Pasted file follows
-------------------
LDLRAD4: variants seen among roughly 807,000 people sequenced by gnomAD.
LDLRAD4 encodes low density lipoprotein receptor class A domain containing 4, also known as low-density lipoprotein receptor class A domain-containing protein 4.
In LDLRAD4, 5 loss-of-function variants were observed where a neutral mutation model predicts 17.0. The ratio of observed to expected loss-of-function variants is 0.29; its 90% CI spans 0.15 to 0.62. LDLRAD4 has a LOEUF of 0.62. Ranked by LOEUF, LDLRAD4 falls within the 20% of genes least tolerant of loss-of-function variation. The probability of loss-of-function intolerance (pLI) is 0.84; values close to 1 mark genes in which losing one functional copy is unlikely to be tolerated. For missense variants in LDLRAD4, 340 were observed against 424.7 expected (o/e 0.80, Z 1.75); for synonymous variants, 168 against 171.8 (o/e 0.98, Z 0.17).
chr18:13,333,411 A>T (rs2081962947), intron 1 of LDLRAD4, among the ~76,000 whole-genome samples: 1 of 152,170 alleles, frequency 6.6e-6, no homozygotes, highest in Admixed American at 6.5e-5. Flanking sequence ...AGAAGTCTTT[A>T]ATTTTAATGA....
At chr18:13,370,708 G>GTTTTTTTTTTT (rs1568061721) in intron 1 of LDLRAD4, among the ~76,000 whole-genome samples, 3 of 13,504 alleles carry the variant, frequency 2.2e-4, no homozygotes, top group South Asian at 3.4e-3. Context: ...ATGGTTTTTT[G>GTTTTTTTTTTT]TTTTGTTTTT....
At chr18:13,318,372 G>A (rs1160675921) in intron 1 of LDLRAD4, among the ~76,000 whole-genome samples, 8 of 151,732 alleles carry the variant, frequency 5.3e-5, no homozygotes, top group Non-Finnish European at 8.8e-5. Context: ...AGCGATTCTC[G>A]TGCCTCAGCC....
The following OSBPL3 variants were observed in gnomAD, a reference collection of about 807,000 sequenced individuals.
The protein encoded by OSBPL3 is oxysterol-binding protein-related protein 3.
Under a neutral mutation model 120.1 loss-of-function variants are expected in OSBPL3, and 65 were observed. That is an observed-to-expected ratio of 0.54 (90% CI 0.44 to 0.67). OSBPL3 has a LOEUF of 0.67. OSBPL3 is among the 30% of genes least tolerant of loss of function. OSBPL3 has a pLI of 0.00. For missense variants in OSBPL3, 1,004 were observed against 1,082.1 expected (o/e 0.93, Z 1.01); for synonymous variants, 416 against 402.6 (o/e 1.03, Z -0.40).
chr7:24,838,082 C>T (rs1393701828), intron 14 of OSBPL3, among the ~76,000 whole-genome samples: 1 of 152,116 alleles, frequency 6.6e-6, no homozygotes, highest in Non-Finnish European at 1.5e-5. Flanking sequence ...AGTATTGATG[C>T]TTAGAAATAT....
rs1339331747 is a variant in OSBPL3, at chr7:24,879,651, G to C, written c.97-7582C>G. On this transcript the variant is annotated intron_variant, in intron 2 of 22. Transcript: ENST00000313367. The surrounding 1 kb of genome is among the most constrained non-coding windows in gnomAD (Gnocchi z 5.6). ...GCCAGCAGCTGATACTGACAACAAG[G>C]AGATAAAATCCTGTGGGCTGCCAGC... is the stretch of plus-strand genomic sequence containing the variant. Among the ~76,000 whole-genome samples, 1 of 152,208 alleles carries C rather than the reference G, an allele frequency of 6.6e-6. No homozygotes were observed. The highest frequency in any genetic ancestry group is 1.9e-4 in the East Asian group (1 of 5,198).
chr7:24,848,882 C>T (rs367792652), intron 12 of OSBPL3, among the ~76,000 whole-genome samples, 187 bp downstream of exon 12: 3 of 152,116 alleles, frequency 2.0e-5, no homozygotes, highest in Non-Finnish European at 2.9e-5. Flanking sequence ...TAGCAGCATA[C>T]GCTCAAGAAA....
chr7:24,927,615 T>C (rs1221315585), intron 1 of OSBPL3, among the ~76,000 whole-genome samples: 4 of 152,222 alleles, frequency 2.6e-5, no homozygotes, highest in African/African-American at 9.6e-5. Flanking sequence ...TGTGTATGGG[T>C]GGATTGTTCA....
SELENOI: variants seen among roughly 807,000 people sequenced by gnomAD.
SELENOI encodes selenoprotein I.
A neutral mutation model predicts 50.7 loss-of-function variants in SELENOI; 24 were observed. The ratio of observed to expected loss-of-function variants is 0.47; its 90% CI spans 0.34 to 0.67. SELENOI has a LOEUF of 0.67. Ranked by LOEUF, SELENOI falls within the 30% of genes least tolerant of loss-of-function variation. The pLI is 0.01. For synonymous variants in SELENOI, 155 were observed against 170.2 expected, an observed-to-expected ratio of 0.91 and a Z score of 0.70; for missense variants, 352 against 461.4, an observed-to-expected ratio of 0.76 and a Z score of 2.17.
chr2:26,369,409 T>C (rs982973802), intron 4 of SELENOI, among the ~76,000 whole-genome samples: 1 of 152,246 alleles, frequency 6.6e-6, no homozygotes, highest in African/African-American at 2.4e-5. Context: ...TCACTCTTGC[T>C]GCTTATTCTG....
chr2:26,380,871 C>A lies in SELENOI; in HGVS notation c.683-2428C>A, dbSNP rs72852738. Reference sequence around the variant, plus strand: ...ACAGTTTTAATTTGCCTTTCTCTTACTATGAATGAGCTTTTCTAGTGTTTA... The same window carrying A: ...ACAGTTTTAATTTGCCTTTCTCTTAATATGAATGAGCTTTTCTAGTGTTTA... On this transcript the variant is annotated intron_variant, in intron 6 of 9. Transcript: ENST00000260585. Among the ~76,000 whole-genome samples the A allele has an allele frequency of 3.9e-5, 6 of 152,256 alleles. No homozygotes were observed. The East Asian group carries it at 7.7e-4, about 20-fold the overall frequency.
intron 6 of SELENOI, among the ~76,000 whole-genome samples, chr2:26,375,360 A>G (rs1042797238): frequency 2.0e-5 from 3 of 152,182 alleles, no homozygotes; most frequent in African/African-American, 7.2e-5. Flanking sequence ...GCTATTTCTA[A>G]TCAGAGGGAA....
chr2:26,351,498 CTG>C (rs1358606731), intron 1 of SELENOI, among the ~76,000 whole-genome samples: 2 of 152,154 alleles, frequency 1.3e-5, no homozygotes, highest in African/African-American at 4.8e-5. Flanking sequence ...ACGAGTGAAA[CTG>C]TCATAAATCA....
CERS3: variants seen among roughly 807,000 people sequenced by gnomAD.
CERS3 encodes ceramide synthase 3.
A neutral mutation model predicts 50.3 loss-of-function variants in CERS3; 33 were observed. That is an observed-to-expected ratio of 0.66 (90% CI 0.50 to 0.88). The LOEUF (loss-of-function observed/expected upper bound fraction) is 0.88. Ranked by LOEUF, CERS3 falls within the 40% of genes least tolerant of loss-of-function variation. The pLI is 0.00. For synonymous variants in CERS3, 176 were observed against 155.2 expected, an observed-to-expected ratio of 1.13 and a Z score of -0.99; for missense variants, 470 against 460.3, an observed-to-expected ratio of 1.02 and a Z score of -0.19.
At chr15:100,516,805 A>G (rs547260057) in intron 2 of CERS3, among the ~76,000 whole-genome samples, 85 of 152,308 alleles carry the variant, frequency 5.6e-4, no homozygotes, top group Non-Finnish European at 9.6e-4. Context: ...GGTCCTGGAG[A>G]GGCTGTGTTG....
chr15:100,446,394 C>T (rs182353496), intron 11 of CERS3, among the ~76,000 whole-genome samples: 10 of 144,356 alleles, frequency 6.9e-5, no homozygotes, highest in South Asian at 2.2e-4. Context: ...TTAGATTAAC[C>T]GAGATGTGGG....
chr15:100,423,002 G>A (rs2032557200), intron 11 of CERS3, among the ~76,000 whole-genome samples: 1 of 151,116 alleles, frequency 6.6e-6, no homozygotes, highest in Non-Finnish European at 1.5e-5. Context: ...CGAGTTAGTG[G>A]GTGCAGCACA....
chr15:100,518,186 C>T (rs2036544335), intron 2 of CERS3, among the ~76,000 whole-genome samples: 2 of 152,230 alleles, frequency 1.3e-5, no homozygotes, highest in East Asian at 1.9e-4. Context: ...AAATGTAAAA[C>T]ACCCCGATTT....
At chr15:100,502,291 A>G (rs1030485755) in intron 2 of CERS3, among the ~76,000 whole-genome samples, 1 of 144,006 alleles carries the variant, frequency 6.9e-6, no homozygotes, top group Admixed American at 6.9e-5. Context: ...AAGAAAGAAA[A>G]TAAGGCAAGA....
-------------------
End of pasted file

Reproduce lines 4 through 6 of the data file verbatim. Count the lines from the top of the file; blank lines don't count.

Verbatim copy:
chr18:13,333,411 A>T (rs2081962947), intron 1 of LDLRAD4, among the ~76,000 whole-genome samples: 1 of 152,170 alleles, frequency 6.6e-6, no homozygotes, highest in Admixed American at 6.5e-5. Flanking sequence ...AGAAGTCTTT[A>T]ATTTTAATGA....
At chr18:13,370,708 G>GTTTTTTTTTTT (rs1568061721) in intron 1 of LDLRAD4, among the ~76,000 whole-genome samples, 3 of 13,504 alleles carry the variant, frequency 2.2e-4, no homozygotes, top group South Asian at 3.4e-3. Context: ...ATGGTTTTTT[G>GTTTTTTTTTTT]TTTTGTTTTT....
At chr18:13,318,372 G>A (rs1160675921) in intron 1 of LDLRAD4, among the ~76,000 whole-genome samples, 8 of 151,732 alleles carry the variant, frequency 5.3e-5, no homozygotes, top group Non-Finnish European at 8.8e-5. Context: ...AGCGATTCTC[G>A]TGCCTCAGCC....